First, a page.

We use cookies to enhance your experience on our website. By continuing to use our website, you are agreeing to our use of cookies. You can change your cookie settings at any time. Find out more
Select Bible Use this Lookup to open a specific Bible and passage. Start here to select a Bible.
Make selected Bible the default for Lookup tool.
Book: Ch.V. Select book from A-Z list, enter chapter and verse number, and click "Go."
:
OR
  • Previous Result
  • Results
  • Look It Up Highlight any word or phrase, then click the button to begin a new search.
  • Highlight On / Off
  • Next Result

The Apocryphal Old Testament Collection of the most important non-canonical Old Testament books designed for general use.

Chapter XXVII

Previous
Jump to: Select book from A-Z list, enter chapter and verse number, and click "Go."
Next
Text Commentary

1And I turned backwards towards Satan, who was behind my wife, and I said, Come out into the open. Stop hiding yourself. Does a lion display his strength in a cage? Does a bird fly away when in a basket? 2Come out and do battle with me. Then he came out from behind my wife and stood and lamented, saying, Lo, Job, I am exhausted, and I give in to you, though you are human and I am a spirit: you are smitten by disease, but I am in great distress as well. 3For it is as if two athletes were wrestling, 1 A free translation of an uncertain text. and one threw the other; and the one that was on top silenced the one underneath by filling his mouth with sand and twisting his every limb. 4But the one underneath bore it all with patient endurance, and did not give in 2 Or ‘and did not faint’. So SV: if we read without the negative, as in P, the sense would seem to be ‘though much weakened’. Again, the text in this verse is very uncertain. , and it was the one on top that at last shouted out that he was beaten. 5So you too, Job, were underneath, and smitten by disease; but you have overcome my wrestling tricks that I employed against you. 6,7Then Satan went away from me in shame for three whole years. So now, my children, you too must be patient whatever happens to you; for patience is better than anything.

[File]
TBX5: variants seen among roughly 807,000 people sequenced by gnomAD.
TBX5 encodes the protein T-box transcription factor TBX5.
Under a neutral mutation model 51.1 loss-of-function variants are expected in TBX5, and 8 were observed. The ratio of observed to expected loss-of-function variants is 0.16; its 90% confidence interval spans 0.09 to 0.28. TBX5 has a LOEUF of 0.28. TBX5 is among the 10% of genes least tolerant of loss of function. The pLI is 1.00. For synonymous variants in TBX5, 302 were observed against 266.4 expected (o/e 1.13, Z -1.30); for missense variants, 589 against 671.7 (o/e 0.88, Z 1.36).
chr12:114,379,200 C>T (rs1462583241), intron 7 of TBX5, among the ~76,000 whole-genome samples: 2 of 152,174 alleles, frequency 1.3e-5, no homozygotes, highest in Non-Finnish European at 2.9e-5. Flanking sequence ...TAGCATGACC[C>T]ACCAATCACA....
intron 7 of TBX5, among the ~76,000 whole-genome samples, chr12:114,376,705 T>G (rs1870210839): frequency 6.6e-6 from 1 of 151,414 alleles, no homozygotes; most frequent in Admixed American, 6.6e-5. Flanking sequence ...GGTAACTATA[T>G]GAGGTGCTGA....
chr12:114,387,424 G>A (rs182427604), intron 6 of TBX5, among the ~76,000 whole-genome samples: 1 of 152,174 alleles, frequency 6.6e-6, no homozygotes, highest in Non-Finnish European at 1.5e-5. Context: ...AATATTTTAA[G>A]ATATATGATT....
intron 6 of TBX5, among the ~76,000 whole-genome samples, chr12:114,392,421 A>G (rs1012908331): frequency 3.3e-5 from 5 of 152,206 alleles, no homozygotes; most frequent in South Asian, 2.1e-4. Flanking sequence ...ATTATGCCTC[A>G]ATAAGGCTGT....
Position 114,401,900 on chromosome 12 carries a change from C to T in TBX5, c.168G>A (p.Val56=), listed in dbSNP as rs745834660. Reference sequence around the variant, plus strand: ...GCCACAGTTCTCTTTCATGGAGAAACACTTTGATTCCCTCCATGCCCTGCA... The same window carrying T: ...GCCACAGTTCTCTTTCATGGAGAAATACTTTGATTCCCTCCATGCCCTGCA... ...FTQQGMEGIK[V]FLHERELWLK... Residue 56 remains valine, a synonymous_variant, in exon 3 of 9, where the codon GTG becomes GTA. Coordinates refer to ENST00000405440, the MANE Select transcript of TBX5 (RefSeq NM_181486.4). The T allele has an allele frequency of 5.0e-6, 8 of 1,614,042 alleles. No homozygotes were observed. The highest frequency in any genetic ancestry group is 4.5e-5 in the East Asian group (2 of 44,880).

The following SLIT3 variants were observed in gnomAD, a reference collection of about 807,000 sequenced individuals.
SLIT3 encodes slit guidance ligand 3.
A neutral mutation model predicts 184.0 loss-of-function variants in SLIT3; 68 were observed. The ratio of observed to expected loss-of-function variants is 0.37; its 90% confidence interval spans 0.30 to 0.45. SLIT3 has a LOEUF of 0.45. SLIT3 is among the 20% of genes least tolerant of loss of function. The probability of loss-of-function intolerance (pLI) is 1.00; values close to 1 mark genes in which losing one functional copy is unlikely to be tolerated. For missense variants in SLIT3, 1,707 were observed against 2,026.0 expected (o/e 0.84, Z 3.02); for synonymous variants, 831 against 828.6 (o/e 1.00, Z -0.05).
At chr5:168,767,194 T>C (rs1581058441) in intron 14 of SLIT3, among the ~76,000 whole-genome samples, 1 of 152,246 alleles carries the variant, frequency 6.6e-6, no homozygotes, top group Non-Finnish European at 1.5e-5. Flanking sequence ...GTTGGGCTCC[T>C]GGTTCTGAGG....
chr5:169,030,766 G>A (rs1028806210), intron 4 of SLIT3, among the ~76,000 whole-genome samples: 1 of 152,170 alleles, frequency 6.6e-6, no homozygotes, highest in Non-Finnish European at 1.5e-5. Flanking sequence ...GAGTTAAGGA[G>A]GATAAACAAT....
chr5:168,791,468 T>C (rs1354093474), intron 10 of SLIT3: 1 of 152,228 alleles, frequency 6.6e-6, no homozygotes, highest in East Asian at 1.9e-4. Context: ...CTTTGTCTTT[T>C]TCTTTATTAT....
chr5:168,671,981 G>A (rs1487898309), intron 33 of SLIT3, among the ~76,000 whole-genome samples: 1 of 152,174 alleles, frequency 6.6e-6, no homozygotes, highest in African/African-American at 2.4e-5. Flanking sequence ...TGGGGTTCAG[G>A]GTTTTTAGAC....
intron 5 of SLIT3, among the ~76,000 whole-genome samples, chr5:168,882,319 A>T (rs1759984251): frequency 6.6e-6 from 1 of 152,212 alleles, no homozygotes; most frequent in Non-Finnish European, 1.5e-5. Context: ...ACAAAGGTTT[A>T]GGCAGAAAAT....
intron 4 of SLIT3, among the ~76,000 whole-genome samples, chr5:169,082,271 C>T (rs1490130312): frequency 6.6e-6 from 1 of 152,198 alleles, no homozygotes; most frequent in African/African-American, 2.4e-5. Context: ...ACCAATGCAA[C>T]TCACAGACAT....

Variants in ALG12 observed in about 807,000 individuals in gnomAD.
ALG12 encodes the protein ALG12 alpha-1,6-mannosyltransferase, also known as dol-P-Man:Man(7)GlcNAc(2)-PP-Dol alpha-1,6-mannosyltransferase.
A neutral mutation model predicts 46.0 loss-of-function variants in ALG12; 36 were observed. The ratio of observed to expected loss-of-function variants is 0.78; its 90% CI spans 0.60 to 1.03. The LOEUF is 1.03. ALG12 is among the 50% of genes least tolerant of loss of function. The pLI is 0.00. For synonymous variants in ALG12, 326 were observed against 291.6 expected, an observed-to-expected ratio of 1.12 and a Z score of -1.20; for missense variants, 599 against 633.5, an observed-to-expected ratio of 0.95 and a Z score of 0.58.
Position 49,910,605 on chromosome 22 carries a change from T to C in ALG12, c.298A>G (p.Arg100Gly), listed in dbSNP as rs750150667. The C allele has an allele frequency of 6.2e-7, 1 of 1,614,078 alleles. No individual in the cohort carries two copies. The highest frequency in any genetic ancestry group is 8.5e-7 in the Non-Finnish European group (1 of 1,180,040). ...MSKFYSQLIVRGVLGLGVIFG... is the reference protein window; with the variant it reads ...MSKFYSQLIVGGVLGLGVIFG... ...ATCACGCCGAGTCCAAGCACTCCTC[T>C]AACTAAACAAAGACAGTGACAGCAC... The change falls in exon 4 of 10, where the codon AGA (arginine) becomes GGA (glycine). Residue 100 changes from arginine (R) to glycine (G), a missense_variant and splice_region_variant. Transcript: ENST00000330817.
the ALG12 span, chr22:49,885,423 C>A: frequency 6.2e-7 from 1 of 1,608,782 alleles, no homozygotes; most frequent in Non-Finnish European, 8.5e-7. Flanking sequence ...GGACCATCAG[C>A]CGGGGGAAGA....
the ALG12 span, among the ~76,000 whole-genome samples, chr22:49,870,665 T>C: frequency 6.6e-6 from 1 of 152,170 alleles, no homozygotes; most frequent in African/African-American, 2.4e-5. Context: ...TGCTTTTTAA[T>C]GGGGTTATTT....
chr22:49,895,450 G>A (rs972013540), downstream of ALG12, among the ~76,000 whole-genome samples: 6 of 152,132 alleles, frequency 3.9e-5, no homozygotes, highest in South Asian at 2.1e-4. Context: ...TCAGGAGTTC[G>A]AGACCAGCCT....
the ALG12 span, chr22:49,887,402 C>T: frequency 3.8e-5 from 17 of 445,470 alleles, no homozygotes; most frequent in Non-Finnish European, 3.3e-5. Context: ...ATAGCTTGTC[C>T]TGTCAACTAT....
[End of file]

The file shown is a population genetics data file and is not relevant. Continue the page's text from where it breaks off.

Notes:

1 A free translation of an uncertain text.

2 Or ‘and did not faint’. So SV: if we read without the negative, as in P, the sense would seem to be ‘though much weakened’. Again, the text in this verse is very uncertain.

  • Previous Result
  • Results
  • Look It Up Highlight any word or phrase, then click the button to begin a new search.
  • Highlight On / Off
  • Next Result
Oxford University Press

© 2014. All Rights Reserved. Privacy policy and legal notice